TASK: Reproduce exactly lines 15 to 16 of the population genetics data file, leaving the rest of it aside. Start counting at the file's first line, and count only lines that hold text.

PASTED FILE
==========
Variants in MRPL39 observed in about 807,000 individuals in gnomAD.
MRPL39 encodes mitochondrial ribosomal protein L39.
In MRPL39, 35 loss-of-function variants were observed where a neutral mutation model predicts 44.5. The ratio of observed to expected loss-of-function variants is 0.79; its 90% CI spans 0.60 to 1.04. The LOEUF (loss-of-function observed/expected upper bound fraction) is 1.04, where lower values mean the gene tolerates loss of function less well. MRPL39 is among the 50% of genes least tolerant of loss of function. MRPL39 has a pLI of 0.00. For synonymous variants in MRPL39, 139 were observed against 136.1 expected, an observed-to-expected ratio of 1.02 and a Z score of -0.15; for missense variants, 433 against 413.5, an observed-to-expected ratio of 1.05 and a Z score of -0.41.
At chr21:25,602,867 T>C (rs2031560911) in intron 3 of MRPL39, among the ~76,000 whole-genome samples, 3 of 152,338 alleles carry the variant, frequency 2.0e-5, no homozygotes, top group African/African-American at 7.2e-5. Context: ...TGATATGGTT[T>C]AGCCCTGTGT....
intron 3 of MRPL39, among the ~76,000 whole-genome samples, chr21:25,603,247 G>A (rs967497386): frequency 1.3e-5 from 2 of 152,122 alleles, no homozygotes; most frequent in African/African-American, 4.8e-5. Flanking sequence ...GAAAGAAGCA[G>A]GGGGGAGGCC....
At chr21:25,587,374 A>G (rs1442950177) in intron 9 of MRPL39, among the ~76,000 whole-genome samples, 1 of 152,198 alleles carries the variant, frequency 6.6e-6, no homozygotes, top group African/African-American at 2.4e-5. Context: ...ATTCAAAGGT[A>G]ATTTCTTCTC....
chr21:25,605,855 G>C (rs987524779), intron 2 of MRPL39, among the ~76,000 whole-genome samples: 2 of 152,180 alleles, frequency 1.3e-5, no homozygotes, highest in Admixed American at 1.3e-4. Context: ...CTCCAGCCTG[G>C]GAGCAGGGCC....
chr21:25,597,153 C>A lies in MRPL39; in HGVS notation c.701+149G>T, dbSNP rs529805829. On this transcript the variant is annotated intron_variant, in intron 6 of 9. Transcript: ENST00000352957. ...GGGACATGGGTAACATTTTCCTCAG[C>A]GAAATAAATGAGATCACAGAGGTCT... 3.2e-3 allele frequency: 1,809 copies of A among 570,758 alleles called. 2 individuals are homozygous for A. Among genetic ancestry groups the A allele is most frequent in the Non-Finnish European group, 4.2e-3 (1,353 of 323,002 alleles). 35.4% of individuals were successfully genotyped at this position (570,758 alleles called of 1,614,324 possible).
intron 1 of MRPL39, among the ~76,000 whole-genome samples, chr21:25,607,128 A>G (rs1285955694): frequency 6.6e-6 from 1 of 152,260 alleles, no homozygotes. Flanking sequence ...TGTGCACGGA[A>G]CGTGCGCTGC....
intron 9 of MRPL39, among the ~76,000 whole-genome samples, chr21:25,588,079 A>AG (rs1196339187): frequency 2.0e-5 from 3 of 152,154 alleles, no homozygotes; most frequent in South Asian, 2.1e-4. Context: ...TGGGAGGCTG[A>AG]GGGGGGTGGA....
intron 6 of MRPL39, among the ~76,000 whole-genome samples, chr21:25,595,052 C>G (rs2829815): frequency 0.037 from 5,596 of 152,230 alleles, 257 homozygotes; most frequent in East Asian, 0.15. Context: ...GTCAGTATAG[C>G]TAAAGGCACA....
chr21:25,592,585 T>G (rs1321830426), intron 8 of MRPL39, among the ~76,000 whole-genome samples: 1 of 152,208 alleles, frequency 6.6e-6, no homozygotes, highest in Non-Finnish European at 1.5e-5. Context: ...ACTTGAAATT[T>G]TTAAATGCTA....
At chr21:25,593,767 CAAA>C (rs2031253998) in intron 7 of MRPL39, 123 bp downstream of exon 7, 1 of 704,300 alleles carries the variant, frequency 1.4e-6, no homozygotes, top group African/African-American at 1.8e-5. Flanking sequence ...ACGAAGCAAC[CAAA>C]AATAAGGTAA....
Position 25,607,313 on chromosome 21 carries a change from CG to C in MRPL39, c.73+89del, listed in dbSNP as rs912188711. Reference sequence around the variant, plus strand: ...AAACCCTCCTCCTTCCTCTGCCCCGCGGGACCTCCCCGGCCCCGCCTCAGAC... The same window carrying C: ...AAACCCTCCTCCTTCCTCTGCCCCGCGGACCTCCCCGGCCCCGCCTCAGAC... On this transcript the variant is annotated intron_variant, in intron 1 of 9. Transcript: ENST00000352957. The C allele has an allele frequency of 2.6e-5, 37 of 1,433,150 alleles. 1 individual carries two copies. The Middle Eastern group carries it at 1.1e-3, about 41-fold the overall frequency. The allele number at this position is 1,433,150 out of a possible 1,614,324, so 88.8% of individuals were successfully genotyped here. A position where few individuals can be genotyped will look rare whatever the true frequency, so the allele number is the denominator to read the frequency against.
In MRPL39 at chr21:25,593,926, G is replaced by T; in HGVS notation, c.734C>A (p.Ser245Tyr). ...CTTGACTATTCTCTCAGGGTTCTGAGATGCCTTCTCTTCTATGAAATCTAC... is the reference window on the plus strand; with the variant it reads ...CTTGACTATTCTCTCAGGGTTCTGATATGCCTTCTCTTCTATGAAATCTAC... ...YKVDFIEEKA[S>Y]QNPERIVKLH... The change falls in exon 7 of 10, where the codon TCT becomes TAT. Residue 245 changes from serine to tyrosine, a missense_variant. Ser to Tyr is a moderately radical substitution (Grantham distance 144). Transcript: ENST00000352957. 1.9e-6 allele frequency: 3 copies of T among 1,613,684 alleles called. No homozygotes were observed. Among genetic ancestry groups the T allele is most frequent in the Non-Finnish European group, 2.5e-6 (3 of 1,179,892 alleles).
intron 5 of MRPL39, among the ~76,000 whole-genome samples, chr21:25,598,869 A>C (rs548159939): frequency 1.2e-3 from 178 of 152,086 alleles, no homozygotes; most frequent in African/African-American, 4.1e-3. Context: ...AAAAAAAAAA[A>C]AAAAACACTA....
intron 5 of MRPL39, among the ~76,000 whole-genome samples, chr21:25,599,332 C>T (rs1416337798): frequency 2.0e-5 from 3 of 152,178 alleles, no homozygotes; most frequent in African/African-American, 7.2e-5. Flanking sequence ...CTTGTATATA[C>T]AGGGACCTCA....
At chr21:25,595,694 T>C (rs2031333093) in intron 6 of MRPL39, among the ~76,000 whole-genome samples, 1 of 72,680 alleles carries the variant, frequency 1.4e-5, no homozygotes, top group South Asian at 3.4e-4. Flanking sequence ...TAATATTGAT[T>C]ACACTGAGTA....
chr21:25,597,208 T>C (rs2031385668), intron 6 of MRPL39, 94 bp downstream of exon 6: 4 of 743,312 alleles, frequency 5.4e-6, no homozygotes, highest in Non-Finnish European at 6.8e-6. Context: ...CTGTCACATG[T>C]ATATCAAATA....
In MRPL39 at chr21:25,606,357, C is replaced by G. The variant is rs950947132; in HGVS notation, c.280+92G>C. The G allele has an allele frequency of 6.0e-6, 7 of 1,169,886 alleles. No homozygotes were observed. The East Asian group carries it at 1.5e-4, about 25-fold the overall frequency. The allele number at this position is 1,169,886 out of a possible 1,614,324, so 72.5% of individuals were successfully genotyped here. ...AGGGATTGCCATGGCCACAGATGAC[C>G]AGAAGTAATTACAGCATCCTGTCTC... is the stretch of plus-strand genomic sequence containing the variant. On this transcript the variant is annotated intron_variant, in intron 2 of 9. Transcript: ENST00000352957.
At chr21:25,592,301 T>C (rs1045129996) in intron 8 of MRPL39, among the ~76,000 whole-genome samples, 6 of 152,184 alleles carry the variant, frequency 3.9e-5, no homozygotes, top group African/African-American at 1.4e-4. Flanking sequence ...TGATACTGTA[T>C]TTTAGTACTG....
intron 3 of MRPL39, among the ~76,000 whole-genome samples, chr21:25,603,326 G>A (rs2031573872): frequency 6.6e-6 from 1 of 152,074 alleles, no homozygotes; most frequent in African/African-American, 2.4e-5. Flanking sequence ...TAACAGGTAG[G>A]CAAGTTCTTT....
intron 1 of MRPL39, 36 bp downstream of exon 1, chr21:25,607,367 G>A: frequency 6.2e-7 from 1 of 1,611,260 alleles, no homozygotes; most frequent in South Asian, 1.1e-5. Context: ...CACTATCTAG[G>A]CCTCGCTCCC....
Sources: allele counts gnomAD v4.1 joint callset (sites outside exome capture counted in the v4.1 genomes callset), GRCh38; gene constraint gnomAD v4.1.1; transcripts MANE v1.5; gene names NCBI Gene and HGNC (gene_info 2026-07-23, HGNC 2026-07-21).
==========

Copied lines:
In MRPL39 at chr21:25,593,926, G is replaced by T; in HGVS notation, c.734C>A (p.Ser245Tyr). ...CTTGACTATTCTCTCAGGGTTCTGAGATGCCTTCTCTTCTATGAAATCTAC... is the reference window on the plus strand; with the variant it reads ...CTTGACTATTCTCTCAGGGTTCTGATATGCCTTCTCTTCTATGAAATCTAC... ...YKVDFIEEKA[S>Y]QNPERIVKLH... The change falls in exon 7 of 10, where the codon TCT becomes TAT. Residue 245 changes from serine to tyrosine, a missense_variant. Ser to Tyr is a moderately radical substitution (Grantham distance 144). Transcript: ENST00000352957. 1.9e-6 allele frequency: 3 copies of T among 1,613,684 alleles called. No homozygotes were observed. Among genetic ancestry groups the T allele is most frequent in the Non-Finnish European group, 2.5e-6 (3 of 1,179,892 alleles).
intron 5 of MRPL39, among the ~76,000 whole-genome samples, chr21:25,598,869 A>C (rs548159939): frequency 1.2e-3 from 178 of 152,086 alleles, no homozygotes; most frequent in African/African-American, 4.1e-3. Context: ...AAAAAAAAAA[A>C]AAAAACACTA....